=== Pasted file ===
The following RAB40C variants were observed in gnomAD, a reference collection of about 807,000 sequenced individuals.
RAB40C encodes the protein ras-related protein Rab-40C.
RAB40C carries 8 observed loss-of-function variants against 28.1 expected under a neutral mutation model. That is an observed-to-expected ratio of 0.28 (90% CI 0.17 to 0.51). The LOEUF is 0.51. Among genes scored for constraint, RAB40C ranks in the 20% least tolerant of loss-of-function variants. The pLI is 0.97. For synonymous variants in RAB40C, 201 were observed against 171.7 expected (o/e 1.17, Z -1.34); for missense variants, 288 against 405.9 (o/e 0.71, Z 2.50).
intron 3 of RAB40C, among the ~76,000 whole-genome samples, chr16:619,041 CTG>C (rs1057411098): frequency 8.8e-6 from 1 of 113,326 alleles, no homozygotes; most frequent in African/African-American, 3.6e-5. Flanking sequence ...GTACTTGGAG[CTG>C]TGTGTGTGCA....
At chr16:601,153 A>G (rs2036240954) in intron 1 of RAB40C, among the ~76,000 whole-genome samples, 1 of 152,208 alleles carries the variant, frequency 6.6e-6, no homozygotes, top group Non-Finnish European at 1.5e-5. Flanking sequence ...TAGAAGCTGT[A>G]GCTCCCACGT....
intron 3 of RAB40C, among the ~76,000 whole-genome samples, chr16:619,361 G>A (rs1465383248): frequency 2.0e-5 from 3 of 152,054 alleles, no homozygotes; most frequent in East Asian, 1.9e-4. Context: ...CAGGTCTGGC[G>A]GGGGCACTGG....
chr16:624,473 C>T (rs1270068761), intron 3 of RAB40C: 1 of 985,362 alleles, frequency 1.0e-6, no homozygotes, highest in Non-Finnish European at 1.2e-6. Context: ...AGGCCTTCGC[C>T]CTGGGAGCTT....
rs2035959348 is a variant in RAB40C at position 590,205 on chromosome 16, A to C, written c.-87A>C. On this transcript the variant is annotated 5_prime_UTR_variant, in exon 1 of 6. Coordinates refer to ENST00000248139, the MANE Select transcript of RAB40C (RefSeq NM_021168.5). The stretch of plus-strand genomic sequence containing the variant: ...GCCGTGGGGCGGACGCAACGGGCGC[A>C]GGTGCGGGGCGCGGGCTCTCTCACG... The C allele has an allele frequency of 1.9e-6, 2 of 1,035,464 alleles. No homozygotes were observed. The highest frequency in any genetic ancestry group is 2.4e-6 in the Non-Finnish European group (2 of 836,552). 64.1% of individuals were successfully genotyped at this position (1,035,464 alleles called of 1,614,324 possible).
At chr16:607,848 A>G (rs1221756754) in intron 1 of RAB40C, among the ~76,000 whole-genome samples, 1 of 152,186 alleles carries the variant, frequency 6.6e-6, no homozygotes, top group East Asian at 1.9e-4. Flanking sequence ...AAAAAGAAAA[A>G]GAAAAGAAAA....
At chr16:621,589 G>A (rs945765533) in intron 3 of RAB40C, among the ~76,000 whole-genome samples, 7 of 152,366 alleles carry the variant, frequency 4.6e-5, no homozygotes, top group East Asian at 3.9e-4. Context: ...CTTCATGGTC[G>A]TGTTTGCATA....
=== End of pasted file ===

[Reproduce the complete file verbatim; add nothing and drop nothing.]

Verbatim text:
The following RAB40C variants were observed in gnomAD, a reference collection of about 807,000 sequenced individuals.
RAB40C encodes the protein ras-related protein Rab-40C.
RAB40C carries 8 observed loss-of-function variants against 28.1 expected under a neutral mutation model. That is an observed-to-expected ratio of 0.28 (90% CI 0.17 to 0.51). The LOEUF is 0.51. Among genes scored for constraint, RAB40C ranks in the 20% least tolerant of loss-of-function variants. The pLI is 0.97. For synonymous variants in RAB40C, 201 were observed against 171.7 expected (o/e 1.17, Z -1.34); for missense variants, 288 against 405.9 (o/e 0.71, Z 2.50).
intron 3 of RAB40C, among the ~76,000 whole-genome samples, chr16:619,041 CTG>C (rs1057411098): frequency 8.8e-6 from 1 of 113,326 alleles, no homozygotes; most frequent in African/African-American, 3.6e-5. Flanking sequence ...GTACTTGGAG[CTG>C]TGTGTGTGCA....
At chr16:601,153 A>G (rs2036240954) in intron 1 of RAB40C, among the ~76,000 whole-genome samples, 1 of 152,208 alleles carries the variant, frequency 6.6e-6, no homozygotes, top group Non-Finnish European at 1.5e-5. Flanking sequence ...TAGAAGCTGT[A>G]GCTCCCACGT....
intron 3 of RAB40C, among the ~76,000 whole-genome samples, chr16:619,361 G>A (rs1465383248): frequency 2.0e-5 from 3 of 152,054 alleles, no homozygotes; most frequent in East Asian, 1.9e-4. Context: ...CAGGTCTGGC[G>A]GGGGCACTGG....
chr16:624,473 C>T (rs1270068761), intron 3 of RAB40C: 1 of 985,362 alleles, frequency 1.0e-6, no homozygotes, highest in Non-Finnish European at 1.2e-6. Context: ...AGGCCTTCGC[C>T]CTGGGAGCTT....
rs2035959348 is a variant in RAB40C at position 590,205 on chromosome 16, A to C, written c.-87A>C. On this transcript the variant is annotated 5_prime_UTR_variant, in exon 1 of 6. Coordinates refer to ENST00000248139, the MANE Select transcript of RAB40C (RefSeq NM_021168.5). The stretch of plus-strand genomic sequence containing the variant: ...GCCGTGGGGCGGACGCAACGGGCGC[A>C]GGTGCGGGGCGCGGGCTCTCTCACG... The C allele has an allele frequency of 1.9e-6, 2 of 1,035,464 alleles. No homozygotes were observed. The highest frequency in any genetic ancestry group is 2.4e-6 in the Non-Finnish European group (2 of 836,552). 64.1% of individuals were successfully genotyped at this position (1,035,464 alleles called of 1,614,324 possible).
At chr16:607,848 A>G (rs1221756754) in intron 1 of RAB40C, among the ~76,000 whole-genome samples, 1 of 152,186 alleles carries the variant, frequency 6.6e-6, no homozygotes, top group East Asian at 1.9e-4. Flanking sequence ...AAAAAGAAAA[A>G]GAAAAGAAAA....
At chr16:621,589 G>A (rs945765533) in intron 3 of RAB40C, among the ~76,000 whole-genome samples, 7 of 152,366 alleles carry the variant, frequency 4.6e-5, no homozygotes, top group East Asian at 3.9e-4. Context: ...CTTCATGGTC[G>A]TGTTTGCATA....